A discussion about the number of teenage girls seducing “˜innocent’ men on television got me thinking about a Blue Heelers episode from a couple of years ago. Two high school girls have fallen out because the young, good-looking band conductor is sleeping with both of them. He denies it, but as the evidence mounts, so he falls on the defence “˜you know how teenager girls are’ (looking directly at the female cop, Jo) “˜always showing off, begging for attention’.
Jo doesn’t buy it. And neither do any of the other cops at the station – male or female. And this is after pretty much all of the younger male cops have been the subject of some teenage girl’s fantasy. Throughout the series, the writers illustrate that a man who’s young, good-looking and in a position of authority is always going to be a target for young women looking for adoration and security – but that the onus is on them, as the adults in the situation, to resist temptation, no matter how much it flaunts itself in a low-cut top or bikini.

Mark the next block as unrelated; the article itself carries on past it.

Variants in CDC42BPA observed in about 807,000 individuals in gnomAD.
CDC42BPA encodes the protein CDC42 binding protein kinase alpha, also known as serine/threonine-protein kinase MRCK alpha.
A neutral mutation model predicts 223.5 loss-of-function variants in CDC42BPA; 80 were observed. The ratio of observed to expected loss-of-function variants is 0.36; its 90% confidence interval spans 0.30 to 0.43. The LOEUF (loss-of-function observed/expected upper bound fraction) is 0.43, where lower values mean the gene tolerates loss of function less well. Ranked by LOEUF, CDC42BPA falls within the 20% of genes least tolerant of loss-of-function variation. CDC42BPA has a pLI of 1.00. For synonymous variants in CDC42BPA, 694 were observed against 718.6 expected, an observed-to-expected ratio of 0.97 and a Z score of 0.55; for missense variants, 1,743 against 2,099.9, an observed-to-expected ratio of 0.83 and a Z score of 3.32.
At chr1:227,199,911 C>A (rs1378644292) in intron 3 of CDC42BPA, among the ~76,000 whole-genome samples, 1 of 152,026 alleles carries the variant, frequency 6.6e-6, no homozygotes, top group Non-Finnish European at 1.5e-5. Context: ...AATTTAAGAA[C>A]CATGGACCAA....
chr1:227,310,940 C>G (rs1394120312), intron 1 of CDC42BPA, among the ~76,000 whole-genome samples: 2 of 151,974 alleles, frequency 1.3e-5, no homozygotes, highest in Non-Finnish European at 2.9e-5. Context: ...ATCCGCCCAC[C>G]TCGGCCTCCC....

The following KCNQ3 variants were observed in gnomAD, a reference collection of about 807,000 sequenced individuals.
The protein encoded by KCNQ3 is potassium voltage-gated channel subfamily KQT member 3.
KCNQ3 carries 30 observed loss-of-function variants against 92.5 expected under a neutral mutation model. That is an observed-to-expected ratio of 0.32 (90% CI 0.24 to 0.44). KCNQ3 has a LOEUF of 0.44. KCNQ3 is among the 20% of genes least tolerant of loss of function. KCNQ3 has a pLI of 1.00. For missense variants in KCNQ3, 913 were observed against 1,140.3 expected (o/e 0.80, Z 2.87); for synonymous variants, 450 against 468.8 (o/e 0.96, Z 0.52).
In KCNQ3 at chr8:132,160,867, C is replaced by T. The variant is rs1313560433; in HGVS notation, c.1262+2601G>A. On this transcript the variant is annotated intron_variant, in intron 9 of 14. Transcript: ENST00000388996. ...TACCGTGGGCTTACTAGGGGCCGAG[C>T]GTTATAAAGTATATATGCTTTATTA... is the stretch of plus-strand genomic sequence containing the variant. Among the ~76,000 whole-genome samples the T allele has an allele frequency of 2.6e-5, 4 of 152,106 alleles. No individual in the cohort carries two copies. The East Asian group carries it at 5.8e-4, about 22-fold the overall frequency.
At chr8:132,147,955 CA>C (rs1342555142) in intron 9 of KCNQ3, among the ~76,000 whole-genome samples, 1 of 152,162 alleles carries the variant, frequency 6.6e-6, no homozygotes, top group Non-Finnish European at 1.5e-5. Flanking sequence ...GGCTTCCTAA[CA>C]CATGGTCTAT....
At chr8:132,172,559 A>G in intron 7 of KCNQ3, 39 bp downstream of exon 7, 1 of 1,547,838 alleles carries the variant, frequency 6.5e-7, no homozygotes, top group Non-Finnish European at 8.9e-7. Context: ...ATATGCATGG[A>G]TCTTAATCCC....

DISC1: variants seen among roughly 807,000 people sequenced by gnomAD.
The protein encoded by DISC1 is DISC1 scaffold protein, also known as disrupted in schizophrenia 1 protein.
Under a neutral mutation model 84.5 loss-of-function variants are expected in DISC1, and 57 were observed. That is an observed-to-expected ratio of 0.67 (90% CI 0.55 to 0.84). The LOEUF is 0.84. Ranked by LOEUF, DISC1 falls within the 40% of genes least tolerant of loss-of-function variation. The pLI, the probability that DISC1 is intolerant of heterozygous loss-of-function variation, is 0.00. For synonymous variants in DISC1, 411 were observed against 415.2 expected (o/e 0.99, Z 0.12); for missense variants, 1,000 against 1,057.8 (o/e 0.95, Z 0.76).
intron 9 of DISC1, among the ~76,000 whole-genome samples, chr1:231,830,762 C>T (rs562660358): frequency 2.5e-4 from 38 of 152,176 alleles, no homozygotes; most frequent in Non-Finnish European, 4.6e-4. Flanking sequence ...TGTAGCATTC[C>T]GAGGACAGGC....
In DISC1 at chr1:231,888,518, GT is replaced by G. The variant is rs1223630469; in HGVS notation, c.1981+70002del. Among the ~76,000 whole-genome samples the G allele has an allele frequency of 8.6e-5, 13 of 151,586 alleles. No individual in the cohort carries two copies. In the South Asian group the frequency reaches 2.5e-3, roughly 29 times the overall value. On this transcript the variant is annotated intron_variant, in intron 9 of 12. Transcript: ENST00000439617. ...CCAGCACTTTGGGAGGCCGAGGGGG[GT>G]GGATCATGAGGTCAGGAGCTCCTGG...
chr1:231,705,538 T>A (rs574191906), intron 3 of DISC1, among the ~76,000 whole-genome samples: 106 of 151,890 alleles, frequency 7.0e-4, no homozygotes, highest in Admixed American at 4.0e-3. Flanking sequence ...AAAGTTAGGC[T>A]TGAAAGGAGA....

I liked that general theme. That, regardless of whether or not the girls came onto the men, it was the men’s responsibility to put a stop to it. “˜Always showing off, begging for attention’ was not an excuse to commit statutory rape/paedophilia – even among men who’d had that kind of temptation thrown at them. (And I can’t remember clearly, but I’m sure BH adressed this issue in reverse – older woman/teenage boy – and came to the same conclusion.)
I liked that the audience was never asked to excuse the man for his behaviour. I liked that the girls, even if they had tempted him, were shown as victims whos only crime was experimenting with their burgeoning sexuality. I liked that they were seen as victims of a sexual predator, not the other way around.
I miss good Australian television.